Upon discovering that one’s partner has become involved with someone else, there is a myriad of confusing emotions and daunting questions. Answering those questions is often destructive, but understanding the answers can be helpful.
My advice to anyone who discovers infidelity is to skip the obvious questions, because the answers will only cause more emotional upheaval. If you wish to restore the relationship, focus on the questions that are helpful. Any good investigative journalist knows the first question is always, “Who?”. Knowing who will satisfy curiosity, but knowing is rarely positive. Where and when are also NOT very helpful.
“Who” is not helpful, because it shifts the focus and blame to the wrong person. The other woman/man is not the only culpable party. Despite this, women can become very hung-up on the “who” causing a toxic cocktail of emotions, which will ultimately compound the issue. The betrayed woman will compare herself to and try to compete with the other woman. She will ask what the other women had that she didn’t. The question can be answered without being asked, because the answer is almost always the same.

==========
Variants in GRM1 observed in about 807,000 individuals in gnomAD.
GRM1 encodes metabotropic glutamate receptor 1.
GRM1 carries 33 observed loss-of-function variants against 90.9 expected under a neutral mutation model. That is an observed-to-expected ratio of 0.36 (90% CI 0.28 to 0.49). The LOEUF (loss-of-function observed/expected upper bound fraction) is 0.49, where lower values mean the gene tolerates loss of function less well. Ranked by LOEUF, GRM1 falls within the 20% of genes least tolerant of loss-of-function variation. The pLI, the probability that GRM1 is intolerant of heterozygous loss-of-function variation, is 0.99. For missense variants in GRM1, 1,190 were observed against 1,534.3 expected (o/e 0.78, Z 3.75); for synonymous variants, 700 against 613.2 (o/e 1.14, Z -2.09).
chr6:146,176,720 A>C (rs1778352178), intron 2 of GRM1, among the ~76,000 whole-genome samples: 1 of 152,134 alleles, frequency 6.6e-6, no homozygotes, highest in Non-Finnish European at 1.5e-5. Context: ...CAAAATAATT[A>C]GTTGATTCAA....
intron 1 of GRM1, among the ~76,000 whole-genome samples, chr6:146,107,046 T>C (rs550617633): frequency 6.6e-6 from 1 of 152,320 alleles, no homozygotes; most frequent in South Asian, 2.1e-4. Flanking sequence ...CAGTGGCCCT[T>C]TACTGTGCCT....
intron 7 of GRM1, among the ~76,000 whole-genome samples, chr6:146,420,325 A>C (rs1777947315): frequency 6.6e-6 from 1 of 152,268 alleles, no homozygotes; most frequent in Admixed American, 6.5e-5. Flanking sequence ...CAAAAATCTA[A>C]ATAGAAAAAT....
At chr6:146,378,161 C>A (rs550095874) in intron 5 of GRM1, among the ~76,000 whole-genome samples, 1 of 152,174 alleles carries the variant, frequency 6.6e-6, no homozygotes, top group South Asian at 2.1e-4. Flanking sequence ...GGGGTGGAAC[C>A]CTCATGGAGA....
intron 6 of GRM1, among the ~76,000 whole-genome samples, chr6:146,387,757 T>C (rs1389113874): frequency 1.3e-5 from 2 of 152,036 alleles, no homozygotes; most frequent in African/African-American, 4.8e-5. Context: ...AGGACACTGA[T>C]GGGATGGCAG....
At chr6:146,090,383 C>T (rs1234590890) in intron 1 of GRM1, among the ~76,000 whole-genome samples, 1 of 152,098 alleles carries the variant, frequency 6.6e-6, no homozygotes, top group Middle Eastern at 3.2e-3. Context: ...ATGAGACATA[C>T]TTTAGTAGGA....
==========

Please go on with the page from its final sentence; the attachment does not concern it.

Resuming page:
She had one thing. It wasn’t her face, her hair, the outrageous body, sexual talent or anything else. She had the magical ability to make your partner believe he could be happier with someone else. Whether she was short, tall, fat, skinny, blonde, brunette or redhead; she was Tinkerbell. She opened the door that allowed him to fly out your bedroom window. That’s all.
You cannot compete with Tinkerbell. She is fantasy. You are real. Your real life is full of real issues and real annoyances that will cause tensions between you and your spouse. Her real life is tidily separate from his, allowing them both to exist, for a season, in a place about as real as Never-Neverland.